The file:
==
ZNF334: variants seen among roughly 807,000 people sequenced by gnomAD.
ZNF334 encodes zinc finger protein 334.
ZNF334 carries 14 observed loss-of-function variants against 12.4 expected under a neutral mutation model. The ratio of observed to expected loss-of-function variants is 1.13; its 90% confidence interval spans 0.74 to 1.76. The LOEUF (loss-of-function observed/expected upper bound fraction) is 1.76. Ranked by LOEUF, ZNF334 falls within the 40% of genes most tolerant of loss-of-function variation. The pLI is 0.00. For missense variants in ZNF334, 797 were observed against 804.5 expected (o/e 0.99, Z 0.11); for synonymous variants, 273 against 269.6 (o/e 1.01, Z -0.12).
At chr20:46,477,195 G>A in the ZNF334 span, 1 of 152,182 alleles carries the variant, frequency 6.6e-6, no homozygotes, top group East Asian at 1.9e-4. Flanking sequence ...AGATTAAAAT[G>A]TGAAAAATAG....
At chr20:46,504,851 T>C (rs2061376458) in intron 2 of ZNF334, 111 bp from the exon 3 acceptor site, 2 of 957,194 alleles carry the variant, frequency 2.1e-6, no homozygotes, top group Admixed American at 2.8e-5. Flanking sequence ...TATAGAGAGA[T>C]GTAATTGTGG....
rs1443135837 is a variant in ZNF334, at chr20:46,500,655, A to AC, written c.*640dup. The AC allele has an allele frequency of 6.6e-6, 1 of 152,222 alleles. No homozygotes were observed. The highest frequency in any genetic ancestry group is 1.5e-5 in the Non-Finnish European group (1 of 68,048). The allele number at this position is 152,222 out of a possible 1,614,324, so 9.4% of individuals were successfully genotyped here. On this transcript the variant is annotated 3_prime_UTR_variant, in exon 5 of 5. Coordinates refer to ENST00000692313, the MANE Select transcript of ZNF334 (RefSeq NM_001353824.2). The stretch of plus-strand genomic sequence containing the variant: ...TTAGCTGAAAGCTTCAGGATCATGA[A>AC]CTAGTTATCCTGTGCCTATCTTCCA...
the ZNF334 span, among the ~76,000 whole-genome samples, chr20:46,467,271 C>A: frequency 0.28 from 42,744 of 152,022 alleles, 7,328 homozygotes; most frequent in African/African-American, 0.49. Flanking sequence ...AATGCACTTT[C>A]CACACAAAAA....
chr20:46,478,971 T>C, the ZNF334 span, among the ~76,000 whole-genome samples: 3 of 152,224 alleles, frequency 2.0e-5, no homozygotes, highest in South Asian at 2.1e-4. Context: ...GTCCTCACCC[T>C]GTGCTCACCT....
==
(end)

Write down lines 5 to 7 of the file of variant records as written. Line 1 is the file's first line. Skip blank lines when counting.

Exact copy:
At chr20:46,504,851 T>C (rs2061376458) in intron 2 of ZNF334, 111 bp from the exon 3 acceptor site, 2 of 957,194 alleles carry the variant, frequency 2.1e-6, no homozygotes, top group Admixed American at 2.8e-5. Flanking sequence ...TATAGAGAGA[T>C]GTAATTGTGG....
rs1443135837 is a variant in ZNF334, at chr20:46,500,655, A to AC, written c.*640dup. The AC allele has an allele frequency of 6.6e-6, 1 of 152,222 alleles. No homozygotes were observed. The highest frequency in any genetic ancestry group is 1.5e-5 in the Non-Finnish European group (1 of 68,048). The allele number at this position is 152,222 out of a possible 1,614,324, so 9.4% of individuals were successfully genotyped here. On this transcript the variant is annotated 3_prime_UTR_variant, in exon 5 of 5. Coordinates refer to ENST00000692313, the MANE Select transcript of ZNF334 (RefSeq NM_001353824.2). The stretch of plus-strand genomic sequence containing the variant: ...TTAGCTGAAAGCTTCAGGATCATGA[A>AC]CTAGTTATCCTGTGCCTATCTTCCA...
the ZNF334 span, among the ~76,000 whole-genome samples, chr20:46,467,271 C>A: frequency 0.28 from 42,744 of 152,022 alleles, 7,328 homozygotes; most frequent in African/African-American, 0.49. Flanking sequence ...AATGCACTTT[C>A]CACACAAAAA....